I've been busy deciphering the mysteries of Bach's Sixth Cello Suite, deep in the snow-capped Canadian mountains.
I've been in Banff, Canada now for a week undertaking a solo creative residency focusing on Bach's Sixth Cello Suite. The Banff Centre is situated in a beautiful national park surrounded by the Canadian Rocky Mountains, the ideal environment in which to immerse myself in music. Winter in Banff is something quite special. Although it has been rather warm by Canadian standards, we are now reaching temperatures of about minus 20 degrees Celsius. A thick blanket of snow covers the mountainous landscape dotted with pine trees, and the occasional deer and elk roam around the campus. In contrast to the pristine stillness outside, inside the centre is buzzing with activity. Artists from all over the world are here in fields as diverse as puppetry and poetry. Such an eclectic mix of creative people makes for stimulating mealtime conversations.
Devoting so much thought and time to the Sixth Cello Suite has been a real delight, both challenging and fulfilling. This weekend I perform the first three movements in Canmore, a town south-east of Banff. The Sixth Suite was certainly written for the "violoncello" but not the violoncello as we know it today. The words "a cinq cordes" are written on Anna Magdalena Bach's transcription of the work, indicating it was intended for an instrument with five strings. Adding to the mystery, we have no autograph manuscript of the work and other transcriptions do not contain these words. This extra string, however, is not the only discrepancy in our modern-day understanding of a violoncello. It is now widely understood that Bach was writing for the violoncello da spalla, a five-stringed instrument played on the arm like a viola. Here's the Gigue of the Sixth Suite on violoncello de spalla, performed by Sergey Malov.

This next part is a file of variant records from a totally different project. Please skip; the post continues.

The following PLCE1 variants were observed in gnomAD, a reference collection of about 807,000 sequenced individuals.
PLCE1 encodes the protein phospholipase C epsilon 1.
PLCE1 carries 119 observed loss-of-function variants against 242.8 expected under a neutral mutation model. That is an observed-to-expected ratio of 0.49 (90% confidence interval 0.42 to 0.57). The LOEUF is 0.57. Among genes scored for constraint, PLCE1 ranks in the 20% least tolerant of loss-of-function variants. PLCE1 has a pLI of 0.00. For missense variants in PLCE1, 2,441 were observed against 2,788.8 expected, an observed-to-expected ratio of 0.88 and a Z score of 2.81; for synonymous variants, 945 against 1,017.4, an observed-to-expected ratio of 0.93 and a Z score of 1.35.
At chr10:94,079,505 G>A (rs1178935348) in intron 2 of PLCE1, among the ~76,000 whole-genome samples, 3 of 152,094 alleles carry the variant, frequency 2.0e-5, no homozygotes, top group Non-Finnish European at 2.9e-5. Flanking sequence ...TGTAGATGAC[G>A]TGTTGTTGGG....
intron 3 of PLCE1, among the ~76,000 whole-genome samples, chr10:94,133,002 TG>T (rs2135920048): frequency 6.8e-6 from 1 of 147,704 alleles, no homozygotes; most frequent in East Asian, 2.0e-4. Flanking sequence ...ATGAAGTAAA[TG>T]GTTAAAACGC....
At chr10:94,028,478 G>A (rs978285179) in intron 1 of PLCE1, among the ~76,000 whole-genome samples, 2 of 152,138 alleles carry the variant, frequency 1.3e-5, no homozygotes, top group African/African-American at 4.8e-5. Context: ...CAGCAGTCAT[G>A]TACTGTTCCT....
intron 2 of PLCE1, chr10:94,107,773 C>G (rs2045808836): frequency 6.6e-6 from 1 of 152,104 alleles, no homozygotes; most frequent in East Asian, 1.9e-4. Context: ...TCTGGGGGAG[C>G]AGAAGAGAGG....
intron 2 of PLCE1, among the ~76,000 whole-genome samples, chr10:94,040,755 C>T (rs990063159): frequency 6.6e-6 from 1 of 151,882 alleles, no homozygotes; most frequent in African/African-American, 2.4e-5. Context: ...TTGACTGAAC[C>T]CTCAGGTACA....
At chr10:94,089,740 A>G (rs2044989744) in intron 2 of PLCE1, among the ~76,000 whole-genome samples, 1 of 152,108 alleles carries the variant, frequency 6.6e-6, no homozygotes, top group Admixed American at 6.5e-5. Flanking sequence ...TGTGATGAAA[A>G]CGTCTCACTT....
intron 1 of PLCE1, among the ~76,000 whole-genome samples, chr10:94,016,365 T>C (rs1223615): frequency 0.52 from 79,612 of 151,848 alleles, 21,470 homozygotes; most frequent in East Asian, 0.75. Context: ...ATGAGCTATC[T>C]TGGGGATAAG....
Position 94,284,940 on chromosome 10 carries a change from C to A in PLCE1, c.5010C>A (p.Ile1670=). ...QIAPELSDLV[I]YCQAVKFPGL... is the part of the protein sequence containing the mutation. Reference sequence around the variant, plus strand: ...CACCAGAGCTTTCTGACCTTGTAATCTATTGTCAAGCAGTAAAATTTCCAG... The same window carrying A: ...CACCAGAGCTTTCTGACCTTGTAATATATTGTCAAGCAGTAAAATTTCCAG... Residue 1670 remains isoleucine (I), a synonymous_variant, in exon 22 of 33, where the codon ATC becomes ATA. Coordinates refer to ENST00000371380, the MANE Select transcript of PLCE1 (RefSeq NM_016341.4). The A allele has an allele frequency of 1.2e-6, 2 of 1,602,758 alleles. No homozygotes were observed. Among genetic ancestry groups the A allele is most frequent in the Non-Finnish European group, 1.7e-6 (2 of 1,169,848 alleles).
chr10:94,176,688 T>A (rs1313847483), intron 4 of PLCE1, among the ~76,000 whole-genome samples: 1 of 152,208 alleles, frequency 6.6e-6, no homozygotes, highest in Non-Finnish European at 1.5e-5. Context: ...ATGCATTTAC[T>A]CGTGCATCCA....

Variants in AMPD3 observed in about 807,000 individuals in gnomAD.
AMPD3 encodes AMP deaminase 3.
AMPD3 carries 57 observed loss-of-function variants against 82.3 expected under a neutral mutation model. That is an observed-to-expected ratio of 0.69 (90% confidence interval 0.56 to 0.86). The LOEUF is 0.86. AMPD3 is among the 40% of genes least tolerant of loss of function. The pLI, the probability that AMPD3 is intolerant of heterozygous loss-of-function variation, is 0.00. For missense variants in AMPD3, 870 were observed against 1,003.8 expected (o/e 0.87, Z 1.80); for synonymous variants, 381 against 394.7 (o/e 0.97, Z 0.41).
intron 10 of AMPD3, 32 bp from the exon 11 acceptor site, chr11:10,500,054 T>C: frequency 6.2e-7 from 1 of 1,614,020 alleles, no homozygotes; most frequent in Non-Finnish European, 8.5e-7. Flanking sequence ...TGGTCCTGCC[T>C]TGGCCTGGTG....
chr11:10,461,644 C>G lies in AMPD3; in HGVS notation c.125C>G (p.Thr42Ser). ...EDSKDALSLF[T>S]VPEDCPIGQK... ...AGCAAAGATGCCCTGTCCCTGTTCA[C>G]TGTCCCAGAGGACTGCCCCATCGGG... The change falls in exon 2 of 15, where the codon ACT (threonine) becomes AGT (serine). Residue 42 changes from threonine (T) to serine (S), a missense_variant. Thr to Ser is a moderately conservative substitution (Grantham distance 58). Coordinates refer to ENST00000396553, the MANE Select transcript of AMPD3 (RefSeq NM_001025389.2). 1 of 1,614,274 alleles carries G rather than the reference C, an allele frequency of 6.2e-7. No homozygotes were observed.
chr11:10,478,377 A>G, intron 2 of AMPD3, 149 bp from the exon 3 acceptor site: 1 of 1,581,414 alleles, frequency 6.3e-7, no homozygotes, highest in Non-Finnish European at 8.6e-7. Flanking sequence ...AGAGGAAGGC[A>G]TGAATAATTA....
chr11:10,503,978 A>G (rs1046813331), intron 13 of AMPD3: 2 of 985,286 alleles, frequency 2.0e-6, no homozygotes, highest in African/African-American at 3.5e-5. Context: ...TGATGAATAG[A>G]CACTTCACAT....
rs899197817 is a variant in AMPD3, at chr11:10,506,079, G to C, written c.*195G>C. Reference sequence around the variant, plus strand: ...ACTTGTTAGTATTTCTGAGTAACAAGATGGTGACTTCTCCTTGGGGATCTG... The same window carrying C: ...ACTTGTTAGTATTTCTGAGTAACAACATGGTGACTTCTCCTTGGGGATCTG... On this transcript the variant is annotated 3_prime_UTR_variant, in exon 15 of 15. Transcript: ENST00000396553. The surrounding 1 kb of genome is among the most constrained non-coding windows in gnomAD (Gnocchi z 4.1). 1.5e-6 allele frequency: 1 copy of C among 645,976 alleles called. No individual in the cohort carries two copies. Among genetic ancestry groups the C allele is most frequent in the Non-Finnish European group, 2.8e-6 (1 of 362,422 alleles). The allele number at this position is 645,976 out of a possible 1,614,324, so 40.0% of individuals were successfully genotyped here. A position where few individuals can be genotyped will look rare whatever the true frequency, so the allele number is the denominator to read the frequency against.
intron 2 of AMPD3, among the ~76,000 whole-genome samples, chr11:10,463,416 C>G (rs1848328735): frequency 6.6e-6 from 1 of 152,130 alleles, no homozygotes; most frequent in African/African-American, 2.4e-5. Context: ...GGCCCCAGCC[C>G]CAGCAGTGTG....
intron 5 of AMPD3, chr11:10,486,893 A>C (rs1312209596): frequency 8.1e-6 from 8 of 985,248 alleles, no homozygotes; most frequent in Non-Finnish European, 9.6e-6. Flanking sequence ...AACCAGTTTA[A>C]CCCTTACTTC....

Thus performing the Sixth Suite – which was intended for a five-stringed instrument – on a modern-day cello is quite a challenge, requiring the use of high positions and awkward hand placements. The great Rostropovich aptly described the Sixth Suite as "a symphony for cello". Regardless, there are a plethora of recordings from which I have drawn inspiration, made by cellists who have overcome its technical challenges and interpreted this music in their own right. If you would like to do some further listening, I would recommend the French cellist Jean-Guihen Queyras or Mischa Maisky:
Also a fascinating is Yo-Yo Ma's film version featuring Torvill & Dean.
Of course, the beauty of JS Bach lies in its ability to be re-interpreted time and time again, and not only on the cello. I've stumbled upon versions of the Sixth Suite from marimba...
On that note I leave you to pick up my cello, get back to practice, and immerse myself in the ever-expanding depth and beauty of Bach.
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Mathisha Panagoda is a cellist and founder of the Sydney Camerata. A passionate chamber and orchestral musician, he loves to travel, put on concerts and look for interesting opportunities to collaborate with like-minded people. His experiences are diverse and this blog seeks to reflect his journey as a traveling cellist, chamber musician and concert enthusiast.
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